Martin, Dickey have makings of strong partnership

Blue Jays' battery works together on knuckler for first time, shares mutual respect

Martin, Dickey have makings of strong partnership

DUNEDIN, Fla. -- For the third time in as many years, R.A. Dickey has started Spring Training with a new face behind the plate. Unlike previous seasons, though, there's a sense that this pairing with Russell Martin will actually work.

J.P. Arencibia and Erik Kratz auditioned for the role in the past, but neither has the pedigree of Martin. Dickey threw to the Blue Jays catcher for the first time on Wednesday morning, and after the bullpen session was over, everybody came away saying all of the right things.

The session wasn't exactly flawless, as Martin dropped a couple of pitches, but that's also to be expected at this time of the year. More encouraging is that Martin's skill set was on full display, with his soft hands handling most of the knuckleballs with relative ease.

Martin eager to catch knuckler

"I think he's probably a little bit impressed with how I'm able to catch it and not struggle too much," Martin said. "I'm not making it look too pretty back there, but I think as long as I catch the ball, I think that's the most important part."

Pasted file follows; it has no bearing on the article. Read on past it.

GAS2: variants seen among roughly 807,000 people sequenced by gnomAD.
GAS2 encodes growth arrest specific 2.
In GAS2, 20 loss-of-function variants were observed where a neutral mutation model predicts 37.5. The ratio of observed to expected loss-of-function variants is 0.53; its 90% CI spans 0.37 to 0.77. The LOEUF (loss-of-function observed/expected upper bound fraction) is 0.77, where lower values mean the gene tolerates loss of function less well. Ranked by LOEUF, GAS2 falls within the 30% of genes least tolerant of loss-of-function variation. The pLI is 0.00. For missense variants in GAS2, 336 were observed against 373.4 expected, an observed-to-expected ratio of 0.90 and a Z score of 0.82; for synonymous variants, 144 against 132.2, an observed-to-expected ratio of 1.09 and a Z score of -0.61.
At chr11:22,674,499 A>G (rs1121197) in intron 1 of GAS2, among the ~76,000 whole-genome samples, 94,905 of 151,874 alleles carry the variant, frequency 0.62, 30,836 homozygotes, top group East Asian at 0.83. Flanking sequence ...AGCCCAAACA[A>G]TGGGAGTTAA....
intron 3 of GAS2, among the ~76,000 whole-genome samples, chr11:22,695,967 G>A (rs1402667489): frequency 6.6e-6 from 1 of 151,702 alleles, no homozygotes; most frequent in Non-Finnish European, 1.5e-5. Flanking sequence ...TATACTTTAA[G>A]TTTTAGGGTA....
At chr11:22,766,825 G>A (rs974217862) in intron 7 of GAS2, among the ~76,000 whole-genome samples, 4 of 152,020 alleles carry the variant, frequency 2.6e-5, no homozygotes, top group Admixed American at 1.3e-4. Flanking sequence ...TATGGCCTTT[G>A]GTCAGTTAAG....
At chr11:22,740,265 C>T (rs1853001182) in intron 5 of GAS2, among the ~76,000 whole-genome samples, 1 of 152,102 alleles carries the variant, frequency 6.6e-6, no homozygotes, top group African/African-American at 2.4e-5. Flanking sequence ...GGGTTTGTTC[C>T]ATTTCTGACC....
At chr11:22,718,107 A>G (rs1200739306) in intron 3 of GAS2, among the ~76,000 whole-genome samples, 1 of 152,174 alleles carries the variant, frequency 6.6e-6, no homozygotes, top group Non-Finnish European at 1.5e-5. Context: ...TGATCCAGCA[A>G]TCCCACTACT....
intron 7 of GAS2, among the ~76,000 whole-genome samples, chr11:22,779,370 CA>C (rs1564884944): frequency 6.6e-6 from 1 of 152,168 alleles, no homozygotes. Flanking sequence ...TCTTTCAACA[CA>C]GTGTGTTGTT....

Martin will spend the first few weeks of Spring Training adjusting to his new role. The unpredictable nature of a knuckleball that can move any direction requires not only a different glove but also a completely new stance for Martin behind the plate.

The nine-year veteran caught the bullpen session with his body turned at a 90-degree angle from the mound. The sideways approach is designed to increase his mobility behind the plate and allow his athleticism to take over when the knuckleball takes an unexpected turn.

There was constant communication between the two during their initial meeting. Martin talked almost the entire time and at one point commented, "That's nasty, man" after a particularly effective knuckleball. Later, Martin said: "Don't tell me what's coming, I want to see how I react," in reference to the variances of speed Dickey often uses.

When it was over, the two met in the middle for the traditional handshake that marks the end of every bullpen session.

"I promise I'll get better," Martin said during that encounter. That had to be appreciated by Toronto's veteran starter, but it also might not have been needed because, regardless of what Martin might have thought, Dickey came away impressed.

"Russell's a great athlete, and more than that, he has a real willingness and desire to unpack what it takes to catch it well," Dickey said. "I don't anticipate us having any trouble, I think he's going to be able to do it.

"He wants to be good at his craft, and he is. It shows in his pedigree and the things he has been able to achieve. ... I knew that coming in. What you're really not aware of, until you work with someone first hand, is really how athletic a guy is. He's a real good athlete behind there, and because of that, I think he's going to have a really good chance at catching it."

Gregor Chisholm is a reporter for MLB.com. Read his blog, North of the Border, and follow him on Twitter @gregorMLB. This story was not subject to the approval of Major League Baseball or its clubs.